[2] The Connor Act, N.C. Gen. Stat. § 47-18 (2005), states, in pertinent part, “[n]o ... contract to convey ... shall be valid to pass any property interest as against ... purchasers for a valuable consideration ... but from the time of registration thereof in the county where the land lies[.]” “[The Connor Act] was enacted for the purpose of providing a plan and a method by which an intending purchaser ... can safely determine just what kind of a title he is in fact obtaining.” Chandler v. Cameron, 229 N.C. 62, 66, 47 S.E.2d 528, 530 (1948) (internal quotation marks and citation omitted). Consequently, “the act requires recordation of all ... contracts to convey ... affecting the title to real property.” Id. 47 S.E.2d at 531. Importantly, our Supreme Court has determined “[o]ne who has a contractual right to compel another to convey is, upon the recordation of the contract, accorded the same protection as a grantee in a recorded deed.” Quinn v. Thigpen, 266 N.C. 720, 723, 147 S.E.2d 191, 193 (1966) (emphasis added).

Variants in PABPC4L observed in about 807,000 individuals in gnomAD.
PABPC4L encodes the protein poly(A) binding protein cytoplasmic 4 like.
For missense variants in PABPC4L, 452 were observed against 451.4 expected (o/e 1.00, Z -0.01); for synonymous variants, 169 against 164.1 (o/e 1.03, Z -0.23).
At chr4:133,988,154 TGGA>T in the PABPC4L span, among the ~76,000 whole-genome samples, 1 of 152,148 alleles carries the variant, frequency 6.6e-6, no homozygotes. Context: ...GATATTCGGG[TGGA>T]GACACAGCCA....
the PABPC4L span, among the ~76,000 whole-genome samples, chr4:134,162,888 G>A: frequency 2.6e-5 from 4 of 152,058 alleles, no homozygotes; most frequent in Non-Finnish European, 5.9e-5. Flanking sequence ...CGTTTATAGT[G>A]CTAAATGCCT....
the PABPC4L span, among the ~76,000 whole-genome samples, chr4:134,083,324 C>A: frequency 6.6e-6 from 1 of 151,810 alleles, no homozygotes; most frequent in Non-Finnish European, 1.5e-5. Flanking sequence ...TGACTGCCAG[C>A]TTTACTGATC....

The case sub judice is similar to Clark v. Butts, 240 N.C. 709, 83 S.E.2d 885 (1954). In Clark, plaintiff Annie Clark (“Clark”) and defendant Jonas Askew (“Askew”) signed a contract whereby Clark agreed to care for Askew, whose health was indecline, and in return, Askew agreed to grant Clark a life estate in his house and lot. Clark, 240 N.C. at 710, 83 S.E.2d at 886. Clark registered the contract in the Camden County Register of Deeds on 16 June 1942. Id. 240 N.C. at 711, 83 S.E.2d at 887. Three years later, Askew conveyed his house and lot to Johnnie Butts (“Butts”). Id. Butts recorded his deed in the Camden County Register of Deeds on 19 May 1945. Id. Clark filed a complaint against Butts asking the trial court to declare her the owner of Askew's house and lot. Id. The trial court declared Clark the owner and our Supreme Court agreed stating “the contract ... was registered nearly three years before the deed from Askew to [Butts] was executed. The registration of [the contract] was constructive notice to [Butts].” Id. 240 N.C. at 715, 83 S.E.2d at 889. Further, our Supreme Court concluded “whatever rights [Butts] acquired by the deed from Askew ... were subservient to the rights of [Clark] under her prior registered contract[.]” Id.